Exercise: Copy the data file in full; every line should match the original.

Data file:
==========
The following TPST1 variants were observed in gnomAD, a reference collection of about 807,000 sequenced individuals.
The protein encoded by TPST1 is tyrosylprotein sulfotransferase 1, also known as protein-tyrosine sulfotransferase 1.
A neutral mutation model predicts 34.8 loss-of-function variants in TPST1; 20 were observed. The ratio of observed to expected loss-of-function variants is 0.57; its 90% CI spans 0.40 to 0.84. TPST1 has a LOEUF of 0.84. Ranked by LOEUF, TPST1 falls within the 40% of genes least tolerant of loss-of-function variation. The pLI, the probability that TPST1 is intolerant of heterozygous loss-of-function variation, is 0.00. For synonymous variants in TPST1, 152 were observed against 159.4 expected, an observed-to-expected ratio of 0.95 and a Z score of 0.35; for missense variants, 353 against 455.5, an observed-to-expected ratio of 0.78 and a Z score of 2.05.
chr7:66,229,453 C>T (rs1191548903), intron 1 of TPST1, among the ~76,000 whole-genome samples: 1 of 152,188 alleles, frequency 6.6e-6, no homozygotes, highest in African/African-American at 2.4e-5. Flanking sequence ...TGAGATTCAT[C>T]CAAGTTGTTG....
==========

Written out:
The following TPST1 variants were observed in gnomAD, a reference collection of about 807,000 sequenced individuals.
The protein encoded by TPST1 is tyrosylprotein sulfotransferase 1, also known as protein-tyrosine sulfotransferase 1.
A neutral mutation model predicts 34.8 loss-of-function variants in TPST1; 20 were observed. The ratio of observed to expected loss-of-function variants is 0.57; its 90% CI spans 0.40 to 0.84. TPST1 has a LOEUF of 0.84. Ranked by LOEUF, TPST1 falls within the 40% of genes least tolerant of loss-of-function variation. The pLI, the probability that TPST1 is intolerant of heterozygous loss-of-function variation, is 0.00. For synonymous variants in TPST1, 152 were observed against 159.4 expected, an observed-to-expected ratio of 0.95 and a Z score of 0.35; for missense variants, 353 against 455.5, an observed-to-expected ratio of 0.78 and a Z score of 2.05.
chr7:66,229,453 C>T (rs1191548903), intron 1 of TPST1, among the ~76,000 whole-genome samples: 1 of 152,188 alleles, frequency 6.6e-6, no homozygotes, highest in African/African-American at 2.4e-5. Flanking sequence ...TGAGATTCAT[C>T]CAAGTTGTTG....